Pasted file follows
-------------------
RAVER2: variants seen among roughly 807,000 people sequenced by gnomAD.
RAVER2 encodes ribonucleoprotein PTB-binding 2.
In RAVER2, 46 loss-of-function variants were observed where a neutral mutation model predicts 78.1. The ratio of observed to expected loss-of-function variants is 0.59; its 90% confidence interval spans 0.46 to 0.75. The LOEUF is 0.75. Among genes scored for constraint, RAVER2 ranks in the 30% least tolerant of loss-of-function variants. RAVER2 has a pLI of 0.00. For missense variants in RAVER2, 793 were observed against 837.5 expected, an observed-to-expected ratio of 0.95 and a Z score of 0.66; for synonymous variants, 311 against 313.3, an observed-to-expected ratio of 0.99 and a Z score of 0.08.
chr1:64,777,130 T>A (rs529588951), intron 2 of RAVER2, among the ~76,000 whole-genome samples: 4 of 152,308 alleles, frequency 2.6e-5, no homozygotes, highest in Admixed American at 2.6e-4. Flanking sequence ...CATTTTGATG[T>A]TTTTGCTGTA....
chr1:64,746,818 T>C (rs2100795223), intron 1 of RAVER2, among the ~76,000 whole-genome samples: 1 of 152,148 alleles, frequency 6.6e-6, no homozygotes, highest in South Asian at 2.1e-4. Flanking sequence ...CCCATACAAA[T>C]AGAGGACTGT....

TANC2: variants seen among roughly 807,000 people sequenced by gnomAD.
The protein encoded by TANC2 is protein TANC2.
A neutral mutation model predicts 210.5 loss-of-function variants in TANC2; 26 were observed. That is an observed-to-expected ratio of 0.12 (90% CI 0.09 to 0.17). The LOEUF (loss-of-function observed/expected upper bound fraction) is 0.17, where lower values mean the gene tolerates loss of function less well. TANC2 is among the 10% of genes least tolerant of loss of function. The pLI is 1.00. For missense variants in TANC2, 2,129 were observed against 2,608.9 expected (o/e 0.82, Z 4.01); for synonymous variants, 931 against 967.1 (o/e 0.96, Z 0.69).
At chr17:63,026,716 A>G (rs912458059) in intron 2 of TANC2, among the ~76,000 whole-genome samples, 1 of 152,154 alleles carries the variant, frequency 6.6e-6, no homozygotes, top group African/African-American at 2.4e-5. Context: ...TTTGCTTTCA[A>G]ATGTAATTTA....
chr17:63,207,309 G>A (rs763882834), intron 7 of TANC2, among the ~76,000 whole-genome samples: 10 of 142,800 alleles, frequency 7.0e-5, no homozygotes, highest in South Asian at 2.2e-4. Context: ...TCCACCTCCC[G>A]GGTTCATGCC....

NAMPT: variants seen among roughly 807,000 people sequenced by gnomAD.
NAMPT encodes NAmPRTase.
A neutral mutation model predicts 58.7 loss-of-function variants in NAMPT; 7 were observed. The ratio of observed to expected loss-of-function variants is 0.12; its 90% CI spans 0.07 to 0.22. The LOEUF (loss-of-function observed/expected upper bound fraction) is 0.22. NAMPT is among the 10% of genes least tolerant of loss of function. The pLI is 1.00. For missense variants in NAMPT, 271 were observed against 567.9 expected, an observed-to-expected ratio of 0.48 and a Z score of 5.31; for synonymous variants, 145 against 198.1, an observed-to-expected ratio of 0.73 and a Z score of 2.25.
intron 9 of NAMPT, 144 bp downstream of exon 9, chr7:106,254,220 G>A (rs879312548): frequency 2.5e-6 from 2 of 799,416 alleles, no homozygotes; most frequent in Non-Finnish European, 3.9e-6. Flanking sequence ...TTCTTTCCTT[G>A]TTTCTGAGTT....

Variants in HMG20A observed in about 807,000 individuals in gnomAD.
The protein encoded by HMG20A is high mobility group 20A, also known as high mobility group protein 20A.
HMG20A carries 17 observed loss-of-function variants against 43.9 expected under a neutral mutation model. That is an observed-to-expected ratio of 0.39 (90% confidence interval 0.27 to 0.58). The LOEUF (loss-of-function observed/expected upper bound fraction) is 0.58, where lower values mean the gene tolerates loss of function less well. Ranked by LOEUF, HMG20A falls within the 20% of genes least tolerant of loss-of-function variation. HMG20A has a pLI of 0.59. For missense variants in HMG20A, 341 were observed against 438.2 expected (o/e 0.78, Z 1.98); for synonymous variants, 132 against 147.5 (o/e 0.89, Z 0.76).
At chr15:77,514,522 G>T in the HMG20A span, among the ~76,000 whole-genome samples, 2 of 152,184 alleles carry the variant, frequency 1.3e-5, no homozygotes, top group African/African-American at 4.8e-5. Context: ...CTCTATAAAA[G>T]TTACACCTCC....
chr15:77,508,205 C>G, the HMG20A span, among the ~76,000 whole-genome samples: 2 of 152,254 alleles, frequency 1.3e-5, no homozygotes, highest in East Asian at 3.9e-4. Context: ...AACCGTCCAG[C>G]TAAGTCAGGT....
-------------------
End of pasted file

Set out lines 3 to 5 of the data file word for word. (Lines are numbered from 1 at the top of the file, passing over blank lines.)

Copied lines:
In RAVER2, 46 loss-of-function variants were observed where a neutral mutation model predicts 78.1. The ratio of observed to expected loss-of-function variants is 0.59; its 90% confidence interval spans 0.46 to 0.75. The LOEUF is 0.75. Among genes scored for constraint, RAVER2 ranks in the 30% least tolerant of loss-of-function variants. RAVER2 has a pLI of 0.00. For missense variants in RAVER2, 793 were observed against 837.5 expected, an observed-to-expected ratio of 0.95 and a Z score of 0.66; for synonymous variants, 311 against 313.3, an observed-to-expected ratio of 0.99 and a Z score of 0.08.
chr1:64,777,130 T>A (rs529588951), intron 2 of RAVER2, among the ~76,000 whole-genome samples: 4 of 152,308 alleles, frequency 2.6e-5, no homozygotes, highest in Admixed American at 2.6e-4. Flanking sequence ...CATTTTGATG[T>A]TTTTGCTGTA....
chr1:64,746,818 T>C (rs2100795223), intron 1 of RAVER2, among the ~76,000 whole-genome samples: 1 of 152,148 alleles, frequency 6.6e-6, no homozygotes, highest in South Asian at 2.1e-4. Flanking sequence ...CCCATACAAA[T>C]AGAGGACTGT....